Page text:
“No we don’t have a business plan, we need to find our feet first, test the water a little and build from there” – I have found myself saying this quite a bit over the last two years. Usually, people look at you like you might be insane, or at least naïve but are too polite to say so.
We did begin with a general direction of travel, we had a broad vision, but was it wise to pin down every step of the journey we need to take. I’ve been involved in start-ups before and often the business plan is what kills off a new business – it stops you seeing the wood from the trees, your ideas can become too prescribed, and as a consequence costs can spiral.
Ok it’s clichéd, given we are organic flower growers, but an organic, more patient, gentle approach to growing our business has taken shape – resting on a belief that the smallest seeds grow the strongest roots. We have spent the last two years learning, exploring and reflecting.
Blooming good and blooming bad
Has our approach worked? Yes and no, but overall Yes.
I mean we have been in a fortunate position, because one of us has worked away from the farm to subsidise what we do on it – so while we have been impoverished, we have not gone hungry. But the business still exists and is thriving in its own little way. We have not ploughed our life savings into something, that has then failed.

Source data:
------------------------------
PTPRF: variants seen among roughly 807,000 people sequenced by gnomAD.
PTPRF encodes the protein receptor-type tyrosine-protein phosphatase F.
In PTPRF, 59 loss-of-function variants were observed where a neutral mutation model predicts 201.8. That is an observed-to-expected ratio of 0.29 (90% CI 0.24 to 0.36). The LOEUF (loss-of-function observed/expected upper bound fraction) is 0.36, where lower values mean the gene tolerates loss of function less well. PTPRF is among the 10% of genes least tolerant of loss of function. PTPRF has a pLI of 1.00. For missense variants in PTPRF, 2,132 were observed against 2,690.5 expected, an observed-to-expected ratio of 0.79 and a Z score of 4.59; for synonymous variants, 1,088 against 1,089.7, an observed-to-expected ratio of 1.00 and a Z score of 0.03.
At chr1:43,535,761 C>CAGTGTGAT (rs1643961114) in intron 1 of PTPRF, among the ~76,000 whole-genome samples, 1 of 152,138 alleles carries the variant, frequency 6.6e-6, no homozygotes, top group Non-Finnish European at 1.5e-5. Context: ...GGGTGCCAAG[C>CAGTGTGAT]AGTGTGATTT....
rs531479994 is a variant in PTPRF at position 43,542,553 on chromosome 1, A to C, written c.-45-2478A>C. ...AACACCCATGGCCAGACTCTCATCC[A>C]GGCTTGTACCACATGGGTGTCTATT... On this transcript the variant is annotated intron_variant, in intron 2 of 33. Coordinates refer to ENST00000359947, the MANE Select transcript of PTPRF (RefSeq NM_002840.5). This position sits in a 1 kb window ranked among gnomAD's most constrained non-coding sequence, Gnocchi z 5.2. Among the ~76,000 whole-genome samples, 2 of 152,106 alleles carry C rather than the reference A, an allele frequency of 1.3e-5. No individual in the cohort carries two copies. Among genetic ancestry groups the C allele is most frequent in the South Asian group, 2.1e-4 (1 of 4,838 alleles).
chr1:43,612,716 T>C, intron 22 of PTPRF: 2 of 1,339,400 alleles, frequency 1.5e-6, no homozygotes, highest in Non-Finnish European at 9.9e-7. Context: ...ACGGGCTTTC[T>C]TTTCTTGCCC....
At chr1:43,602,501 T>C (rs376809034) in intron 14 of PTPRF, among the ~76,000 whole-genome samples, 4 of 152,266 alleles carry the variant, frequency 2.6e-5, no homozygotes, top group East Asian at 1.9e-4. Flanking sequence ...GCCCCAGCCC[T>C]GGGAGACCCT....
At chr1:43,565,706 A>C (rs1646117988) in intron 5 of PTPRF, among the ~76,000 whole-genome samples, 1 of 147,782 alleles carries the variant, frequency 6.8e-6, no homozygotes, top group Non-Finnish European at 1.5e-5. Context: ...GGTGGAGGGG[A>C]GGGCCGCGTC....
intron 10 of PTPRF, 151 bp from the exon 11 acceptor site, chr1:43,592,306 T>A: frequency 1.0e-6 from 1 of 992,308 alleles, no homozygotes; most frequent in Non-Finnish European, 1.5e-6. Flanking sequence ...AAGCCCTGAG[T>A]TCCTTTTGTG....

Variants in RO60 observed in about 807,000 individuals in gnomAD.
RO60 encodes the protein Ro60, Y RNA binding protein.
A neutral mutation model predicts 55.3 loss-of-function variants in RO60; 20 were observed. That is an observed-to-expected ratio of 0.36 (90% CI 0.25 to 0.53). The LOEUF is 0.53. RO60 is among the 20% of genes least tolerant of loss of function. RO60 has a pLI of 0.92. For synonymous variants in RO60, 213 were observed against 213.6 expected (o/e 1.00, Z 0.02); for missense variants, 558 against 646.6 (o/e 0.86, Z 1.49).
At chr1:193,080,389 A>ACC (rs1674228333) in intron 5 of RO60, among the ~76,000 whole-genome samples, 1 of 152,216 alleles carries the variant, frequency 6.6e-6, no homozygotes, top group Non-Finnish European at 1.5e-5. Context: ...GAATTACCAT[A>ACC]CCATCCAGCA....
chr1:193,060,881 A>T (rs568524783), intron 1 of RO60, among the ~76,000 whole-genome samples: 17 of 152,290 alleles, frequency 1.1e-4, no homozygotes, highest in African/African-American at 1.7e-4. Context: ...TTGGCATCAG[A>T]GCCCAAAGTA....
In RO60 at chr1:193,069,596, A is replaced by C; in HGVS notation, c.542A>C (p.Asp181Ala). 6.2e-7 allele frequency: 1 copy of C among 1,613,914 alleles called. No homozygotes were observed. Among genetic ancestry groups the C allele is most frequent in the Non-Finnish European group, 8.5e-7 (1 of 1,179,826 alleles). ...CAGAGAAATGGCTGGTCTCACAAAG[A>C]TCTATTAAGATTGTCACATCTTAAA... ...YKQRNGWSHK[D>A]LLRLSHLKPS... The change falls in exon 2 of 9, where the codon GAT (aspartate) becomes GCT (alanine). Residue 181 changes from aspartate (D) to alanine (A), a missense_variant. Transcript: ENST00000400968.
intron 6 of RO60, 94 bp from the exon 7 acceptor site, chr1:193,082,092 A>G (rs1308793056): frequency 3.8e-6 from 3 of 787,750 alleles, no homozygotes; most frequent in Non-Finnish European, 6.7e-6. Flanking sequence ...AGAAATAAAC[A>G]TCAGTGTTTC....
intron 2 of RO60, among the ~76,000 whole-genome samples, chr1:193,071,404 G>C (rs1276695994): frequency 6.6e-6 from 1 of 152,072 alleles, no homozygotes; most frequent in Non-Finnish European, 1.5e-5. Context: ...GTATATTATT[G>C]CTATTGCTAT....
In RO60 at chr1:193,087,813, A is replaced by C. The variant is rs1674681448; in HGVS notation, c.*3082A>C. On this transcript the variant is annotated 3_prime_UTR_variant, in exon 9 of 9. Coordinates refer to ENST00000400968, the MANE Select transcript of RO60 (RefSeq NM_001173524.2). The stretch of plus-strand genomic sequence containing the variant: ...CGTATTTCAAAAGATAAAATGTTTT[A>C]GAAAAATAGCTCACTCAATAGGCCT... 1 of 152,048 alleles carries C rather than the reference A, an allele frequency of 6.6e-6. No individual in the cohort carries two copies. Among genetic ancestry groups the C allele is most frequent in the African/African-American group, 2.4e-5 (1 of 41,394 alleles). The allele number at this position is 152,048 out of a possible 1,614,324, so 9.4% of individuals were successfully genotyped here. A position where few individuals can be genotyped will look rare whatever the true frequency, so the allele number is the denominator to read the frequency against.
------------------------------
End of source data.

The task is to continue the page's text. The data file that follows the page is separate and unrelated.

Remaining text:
But while one of is away from the farm, progress slows down. Especially with 3 home educated children at our beck and call. The weeds and the children grow as fast as each other and sometimes its hard to find a balance.
We live 100 meters from the farm, but at times that 100 meters may as well be 1000 miles because some days there is just no way of getting the children ready and off. It’s a battle, but we keep going.
We are not just building a business, but also a farm – which means infrastructure, such as fencing, polytunnels, staging, irrigation, ponds, barns and sheds. We started with a blank canvas – even without a water supply. We still don’t have our barn (it’s coming!) and our water supply is troublesome – but its all in the pipeline and when things like this start to be ticked off the list, it’s a massive boost.
I can’t wait to get our barn up, to organise our tools properly, dry reems of flowers and create a studio space for floristry workshops and flower arranging. Icing on the cake – that’s what we are aiming for in 2020.
Learning never stops
We’ve learnt a great deal in two years – about flowers, about ourselves, about each other. We’ve fought and made-up, we’ve cried, pulled our hair out and laughed – sometimes all on the same day. We’ve got things wrong, we’ve got some things right. But most importantly, we love growing flowers, we love enriching the land and seeing a monoculture start to become incredibly diverse.
Time to grow
We’ve laid our foundations, and now we are much clearer where we want to take the business. We are so glad we’ve had chance to reflect, learn and explore. It’s made us feel ready for the next stage – bringing focus to what we want to do and how we might go about it. But we don’t ever want to stop learning, reflecting and growing, because if we do what might we become…?
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